In this section of my PCT thru-hike, the trio becomes a duo, I cross into California, encounter the unbearable amount of smoke of the summer’s wildfires, and deal with the complications of the Hirtz fire closure.
So, if you’ve been following me on Instagram, then you know I have finished the trail! Even more importantly, with everyone’s help, I’ve surpassed my fundraising goal with AFSP National: over $3000 has been raised towards suicide prevention and mental health programs! I’m so ecstatic, I can’t find the words to thank everyone enough!
My campaign page is still up and accepting donations, so click the below link if you’d like to make contribution:
As far as the journals go, I’m doing my best to update them in a timely manner. I kept detailed notes on my journey and at this point, I’m just filling in the blanks.
Thanks again for your continued support and patience.
Day 48: Ashland to Sheep Camp Spring, 23 miles
The smoke in the air is alarmingly thick when we leave the motel room in the morning. Pedestrians walking past are wearing respirators, and the sky is a dreadful color. After Cheesy Puff and Chance mail off a few resupply packages for the Northern California leg, we check out and head towards the freeway to begin our hitch back to the trail. Before we can even cross the street, let alone get to the freeway, a man sitting in traffic is offering us a ride.
Back at the trailhead, there’s a group of familiar and new faces lingering in the gravel parking area. Everyone seems to be stalling, including myself. There’s a climb ahead, as there always is leaving a town, but this time is different due to the air quality and the stifling heat. We get on with it anyway, and my lungs sting from the stale brown smoke of wildfire.
Everyone stops briefly at a picnic table and spigot near a charming little cabin. I eat a slice of pizza leftover from the night before, and fill up on water. My chest aches, and my legs feel like jelly under my heavy-with-resupply pack. Why must food and water weigh so much?
We cross meadow for some time, occasionally finding some relief from the heat when the trail leads us beneath forest canopy. A grouse wanders up the path in front of me for some time, then panics suddenly and flees into the dense thicket of the meadow.
We decide to make camp at Sheep Spring, just a few miles short of the California stateline. There’s no sheep here, however, but a herd of cows grazes on the hillside below us; their bells ringing softly. The piped spring is frigid and clear, and so soothing on feet and face on such a stuffy evening.
I collapse in my tent, dozing in and out as some northbound stragglers arrive and loudly make camp. Thankfully, it’s not enough to bother me and I fall asleep quickly.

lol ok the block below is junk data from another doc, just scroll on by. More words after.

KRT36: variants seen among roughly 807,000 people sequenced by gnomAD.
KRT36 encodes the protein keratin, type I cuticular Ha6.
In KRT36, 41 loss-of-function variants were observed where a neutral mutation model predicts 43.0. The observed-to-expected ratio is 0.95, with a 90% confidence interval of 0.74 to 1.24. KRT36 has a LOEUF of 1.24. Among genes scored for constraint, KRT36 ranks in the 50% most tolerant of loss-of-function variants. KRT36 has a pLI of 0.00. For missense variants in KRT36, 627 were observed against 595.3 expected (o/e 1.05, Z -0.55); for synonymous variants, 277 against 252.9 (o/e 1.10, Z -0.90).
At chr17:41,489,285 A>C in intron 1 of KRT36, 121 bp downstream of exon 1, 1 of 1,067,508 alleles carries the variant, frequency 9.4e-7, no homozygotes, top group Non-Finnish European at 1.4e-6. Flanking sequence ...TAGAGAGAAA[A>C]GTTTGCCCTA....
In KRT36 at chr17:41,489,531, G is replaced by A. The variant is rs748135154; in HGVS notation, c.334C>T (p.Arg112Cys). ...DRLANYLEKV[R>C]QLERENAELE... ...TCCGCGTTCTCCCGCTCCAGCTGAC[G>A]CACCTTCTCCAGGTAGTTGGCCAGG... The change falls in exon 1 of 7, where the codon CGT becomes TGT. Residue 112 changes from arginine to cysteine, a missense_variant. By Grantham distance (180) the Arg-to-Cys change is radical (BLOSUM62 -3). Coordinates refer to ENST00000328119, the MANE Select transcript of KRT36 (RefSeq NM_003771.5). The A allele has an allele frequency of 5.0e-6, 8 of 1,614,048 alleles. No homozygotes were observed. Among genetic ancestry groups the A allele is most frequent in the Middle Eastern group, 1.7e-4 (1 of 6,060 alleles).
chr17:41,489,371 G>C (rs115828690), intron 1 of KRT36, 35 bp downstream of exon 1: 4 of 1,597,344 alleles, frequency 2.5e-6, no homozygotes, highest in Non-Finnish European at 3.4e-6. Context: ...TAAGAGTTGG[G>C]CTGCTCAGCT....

Day 49: Sheep Camp Spring to Cook and Green Pass, 25 miles
We rise before the sun, and under the cloak of the early morning dark, I still can’t make out how smokey the atmosphere is. When the sun bursts up over the hills it makes a fiery entrance, setting the sky ablaze with neon layers of orange and magenta. It’s magnificent, but the beauty fades once it clears the hilltops and the sky returns to the depressingly drab beige of smoke and pollution. After topping off our water from the spring, we finally make our way out of Oregon and into California.
The border between states is perched on a slope, with tall trees surrounding us and a simple wooden sign that reads: Oregon/California. We sign the register and sit in the dirt for a bit, snacking on chips and candy. We’ve come a long way, and very quickly. I’m proud of our progress and I’m feeling rather elated with my accomplishments.
Not too far into California, while nearly skipping from my happy high of entering a new state, I trip on a rock in the trail and I’m sent airborne. I land on my bad knee, and although I’m a bit scraped up and bleeding, the inner workings of my joints don’t seem to be failing. Cheesy Puff is nearly falling over from laughter at my unfortunate flight, and Chance has arrived on the scene looking confused. We have a short break beside a creek, where I wash my knee free from the crusted on blood and dirt, and eat my feelings with a fudge Pop Tart.
The rest of the day is rather grim, traveling through recently burned forest that resembles a scene from a horror film. Everything is charred, black and brittle, making creaking noises during the occasional breeze. The smoky sky masks the sun, and we walk along in silence across the macabre scene.